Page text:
The recent mass protest movements that have been taking place in several Iraqi governates can be classified as the beginning of a spring revolution in that country. These protests took place when in al-Anbar, Nineveh, Salahuddin, Mosul Fallujah and Al-Ramadi.
The Sunni protestors are reacting to Prime Minister Nouri-al-Malik’s (Shiite) suppression against them and the jailing of some of their Sunni political leadership including the Sunni Iraqi women’s ill treatment in prison.
The arrest of members of the Sunni community in Iraq on suspicion of terrorist activities is in reality a political policy to marginalize their roles in the political arena.
The protestors were demanding:
1) The resignation of Nouri al-Maliki’s government
2) The release of many thousands of Sunni men and women from prisons
3) The cancelation of the law that was initiated by the U.S. occupation forces banning the Baath party from the Iraqi political arena and permitting their reentry into public life.
4) The cancelation of the same law that dissolved the Iraqi army and prohibited members of the previous Baath party from being employed by the government.
5) The improvement of the economic, social and environmental conditions.
6) Stop the Iraqi government support of the Syria regime under Bashar al-Assad.
7) Stop taking orders from the Iranian government (Shiite regime)
8) Removal of Article 4 from the Constitution and stop implementing death sentences of suspected terrorists.
It is unfortunate to point out that the American invasion of Iraq produced many negative consequences. First, it eliminated the authoritarian regime of Saddam Hussein, which was the most secular in the Middle East region. The previous regime suppressed any political religious group from entering the Iraqi political arena. At the same time, Iraqi secular Shiite individuals were incorporated into the regime and many occupied high political positions in both the government and the army.
It should be of interest to refer to an order that was issued by the American occupational authority in 2003 for the arrest of the 52 top Iraqi political officials. The American order was issued in the form of a deck of cards of pictures of those who were to be arrested, which included Saddam Hussein and his two sons. Thirty-seven out of the 52 people were Iraqi Shiites. This reflects that the previous regime did not permit the practice of sectarianism.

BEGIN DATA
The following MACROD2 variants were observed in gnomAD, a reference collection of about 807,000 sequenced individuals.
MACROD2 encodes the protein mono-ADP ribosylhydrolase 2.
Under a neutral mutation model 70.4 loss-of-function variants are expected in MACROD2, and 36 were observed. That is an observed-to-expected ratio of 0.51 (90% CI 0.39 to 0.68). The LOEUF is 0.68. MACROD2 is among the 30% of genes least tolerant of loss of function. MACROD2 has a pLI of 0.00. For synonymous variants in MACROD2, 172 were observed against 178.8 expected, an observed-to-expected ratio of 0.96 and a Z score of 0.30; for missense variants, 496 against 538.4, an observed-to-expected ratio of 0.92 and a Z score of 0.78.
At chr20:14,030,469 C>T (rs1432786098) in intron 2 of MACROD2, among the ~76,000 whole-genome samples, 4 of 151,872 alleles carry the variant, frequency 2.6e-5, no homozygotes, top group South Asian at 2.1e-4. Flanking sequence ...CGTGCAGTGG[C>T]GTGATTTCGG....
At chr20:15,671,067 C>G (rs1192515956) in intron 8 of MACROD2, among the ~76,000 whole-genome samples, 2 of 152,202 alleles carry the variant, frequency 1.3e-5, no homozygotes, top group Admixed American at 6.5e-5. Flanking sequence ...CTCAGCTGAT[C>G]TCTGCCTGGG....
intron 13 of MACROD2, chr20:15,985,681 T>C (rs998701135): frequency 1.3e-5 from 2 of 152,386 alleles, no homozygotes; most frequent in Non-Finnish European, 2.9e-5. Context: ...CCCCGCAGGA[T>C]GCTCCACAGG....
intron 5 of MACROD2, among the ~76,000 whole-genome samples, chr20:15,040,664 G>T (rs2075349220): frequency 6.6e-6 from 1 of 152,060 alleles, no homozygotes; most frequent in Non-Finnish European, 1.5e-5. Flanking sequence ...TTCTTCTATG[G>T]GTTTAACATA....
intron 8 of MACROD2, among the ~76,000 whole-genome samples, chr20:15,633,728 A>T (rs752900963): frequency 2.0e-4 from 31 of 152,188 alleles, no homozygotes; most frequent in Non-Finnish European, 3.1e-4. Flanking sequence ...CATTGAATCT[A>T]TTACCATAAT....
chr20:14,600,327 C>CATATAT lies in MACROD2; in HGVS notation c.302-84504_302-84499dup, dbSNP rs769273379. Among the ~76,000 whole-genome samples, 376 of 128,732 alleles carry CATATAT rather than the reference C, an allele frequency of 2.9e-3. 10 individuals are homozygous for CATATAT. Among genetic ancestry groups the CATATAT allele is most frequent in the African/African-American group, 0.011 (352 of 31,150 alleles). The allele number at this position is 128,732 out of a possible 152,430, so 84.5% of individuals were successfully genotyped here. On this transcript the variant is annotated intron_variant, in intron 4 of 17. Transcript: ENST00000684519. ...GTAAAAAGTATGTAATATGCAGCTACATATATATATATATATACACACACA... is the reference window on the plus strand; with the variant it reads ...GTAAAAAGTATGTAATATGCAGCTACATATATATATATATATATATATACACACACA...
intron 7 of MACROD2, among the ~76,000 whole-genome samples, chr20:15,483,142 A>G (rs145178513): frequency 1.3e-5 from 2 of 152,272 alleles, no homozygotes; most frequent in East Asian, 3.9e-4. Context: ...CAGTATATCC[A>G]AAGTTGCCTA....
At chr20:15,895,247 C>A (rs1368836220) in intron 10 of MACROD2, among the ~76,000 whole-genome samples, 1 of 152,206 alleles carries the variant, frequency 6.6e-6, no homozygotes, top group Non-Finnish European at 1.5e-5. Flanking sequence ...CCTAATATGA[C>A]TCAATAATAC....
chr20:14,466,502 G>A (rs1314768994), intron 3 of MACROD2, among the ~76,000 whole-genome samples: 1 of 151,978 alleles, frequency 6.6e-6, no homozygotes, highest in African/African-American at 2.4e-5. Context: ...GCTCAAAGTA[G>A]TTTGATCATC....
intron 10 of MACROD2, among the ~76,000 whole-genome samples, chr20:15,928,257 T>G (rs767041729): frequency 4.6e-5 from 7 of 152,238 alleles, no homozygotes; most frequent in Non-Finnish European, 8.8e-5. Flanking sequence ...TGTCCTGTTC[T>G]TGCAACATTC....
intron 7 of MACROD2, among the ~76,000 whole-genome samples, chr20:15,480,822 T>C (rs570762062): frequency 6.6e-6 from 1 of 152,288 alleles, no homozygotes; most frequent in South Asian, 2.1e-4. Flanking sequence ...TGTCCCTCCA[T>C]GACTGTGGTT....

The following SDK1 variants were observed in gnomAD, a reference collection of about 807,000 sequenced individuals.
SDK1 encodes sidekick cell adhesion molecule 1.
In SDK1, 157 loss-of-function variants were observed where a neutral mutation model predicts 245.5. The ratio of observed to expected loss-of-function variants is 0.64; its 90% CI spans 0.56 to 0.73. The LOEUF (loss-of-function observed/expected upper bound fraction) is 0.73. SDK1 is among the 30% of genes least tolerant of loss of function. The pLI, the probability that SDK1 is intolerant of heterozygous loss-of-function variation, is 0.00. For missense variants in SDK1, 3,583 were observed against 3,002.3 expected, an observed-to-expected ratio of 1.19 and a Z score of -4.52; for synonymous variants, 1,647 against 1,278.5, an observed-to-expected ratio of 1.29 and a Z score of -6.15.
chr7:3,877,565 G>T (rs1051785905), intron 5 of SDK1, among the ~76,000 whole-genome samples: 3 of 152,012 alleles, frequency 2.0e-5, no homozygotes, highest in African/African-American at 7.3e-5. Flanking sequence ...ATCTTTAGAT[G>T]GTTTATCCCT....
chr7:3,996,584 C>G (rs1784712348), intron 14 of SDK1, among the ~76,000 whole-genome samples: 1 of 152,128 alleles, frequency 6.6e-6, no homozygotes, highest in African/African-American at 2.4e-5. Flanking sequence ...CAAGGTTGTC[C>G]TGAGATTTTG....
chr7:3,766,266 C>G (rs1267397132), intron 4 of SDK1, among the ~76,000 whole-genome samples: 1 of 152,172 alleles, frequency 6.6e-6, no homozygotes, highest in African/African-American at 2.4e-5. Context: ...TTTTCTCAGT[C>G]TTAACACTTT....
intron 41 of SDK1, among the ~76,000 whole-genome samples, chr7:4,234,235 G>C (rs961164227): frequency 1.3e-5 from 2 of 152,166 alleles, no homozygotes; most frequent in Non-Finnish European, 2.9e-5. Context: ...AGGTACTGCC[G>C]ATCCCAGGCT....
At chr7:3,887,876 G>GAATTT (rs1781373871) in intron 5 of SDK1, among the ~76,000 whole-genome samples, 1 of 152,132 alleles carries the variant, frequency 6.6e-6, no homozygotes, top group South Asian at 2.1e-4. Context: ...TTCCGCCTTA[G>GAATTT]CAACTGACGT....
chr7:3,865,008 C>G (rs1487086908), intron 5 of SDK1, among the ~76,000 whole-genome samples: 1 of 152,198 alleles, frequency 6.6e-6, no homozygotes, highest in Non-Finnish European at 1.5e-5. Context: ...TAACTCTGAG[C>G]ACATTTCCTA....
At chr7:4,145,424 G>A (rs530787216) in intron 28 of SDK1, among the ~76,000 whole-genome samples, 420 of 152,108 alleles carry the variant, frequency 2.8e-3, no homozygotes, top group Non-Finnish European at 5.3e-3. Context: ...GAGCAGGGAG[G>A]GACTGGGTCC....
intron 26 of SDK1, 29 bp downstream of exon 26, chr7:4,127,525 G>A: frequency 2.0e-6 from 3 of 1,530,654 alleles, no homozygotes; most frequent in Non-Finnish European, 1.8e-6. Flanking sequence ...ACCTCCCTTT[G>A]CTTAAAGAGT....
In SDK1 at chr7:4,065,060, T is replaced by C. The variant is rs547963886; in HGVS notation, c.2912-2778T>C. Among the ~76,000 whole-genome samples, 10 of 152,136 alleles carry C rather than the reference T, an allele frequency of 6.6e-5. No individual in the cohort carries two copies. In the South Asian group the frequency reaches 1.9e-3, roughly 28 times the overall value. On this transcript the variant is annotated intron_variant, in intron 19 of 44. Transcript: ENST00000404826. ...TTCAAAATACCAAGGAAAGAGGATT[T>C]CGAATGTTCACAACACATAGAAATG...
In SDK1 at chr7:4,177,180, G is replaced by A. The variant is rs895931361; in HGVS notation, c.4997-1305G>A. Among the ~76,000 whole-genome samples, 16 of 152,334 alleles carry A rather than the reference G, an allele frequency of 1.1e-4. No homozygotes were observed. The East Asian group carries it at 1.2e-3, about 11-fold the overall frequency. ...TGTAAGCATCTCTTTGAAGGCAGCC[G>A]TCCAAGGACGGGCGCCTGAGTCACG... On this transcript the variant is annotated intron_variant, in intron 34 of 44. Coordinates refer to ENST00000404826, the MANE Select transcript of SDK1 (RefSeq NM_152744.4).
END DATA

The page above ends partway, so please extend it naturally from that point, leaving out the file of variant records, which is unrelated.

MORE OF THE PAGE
The phony type of democracy that the U.S. introduced in Iraq encouraged sectarianism. It should also be made clear that the religious political conflict between the Sunni and Shiite sects has been part of Islamic history, which started after the death of the Prophet Mohammad more than 1,300 years ago.
The Sunni-Shiite conflict has been manipulated by Western colonialist powers, which has been part of their political strategy “divide and rule”. This conflict has been a major source of instability, especially in the Arab world and some Islamic states.
The impact of the Arab spring revolution as is reflected in Iraq at the present is also going on in Syria, where the Alawi (Shiite) minority regime is facing a Sunni majority rebellion that has been going on for nearly two years. In Bahrain, the situation is the opposite, where a Sunni minority is suppressing the Shiite majority.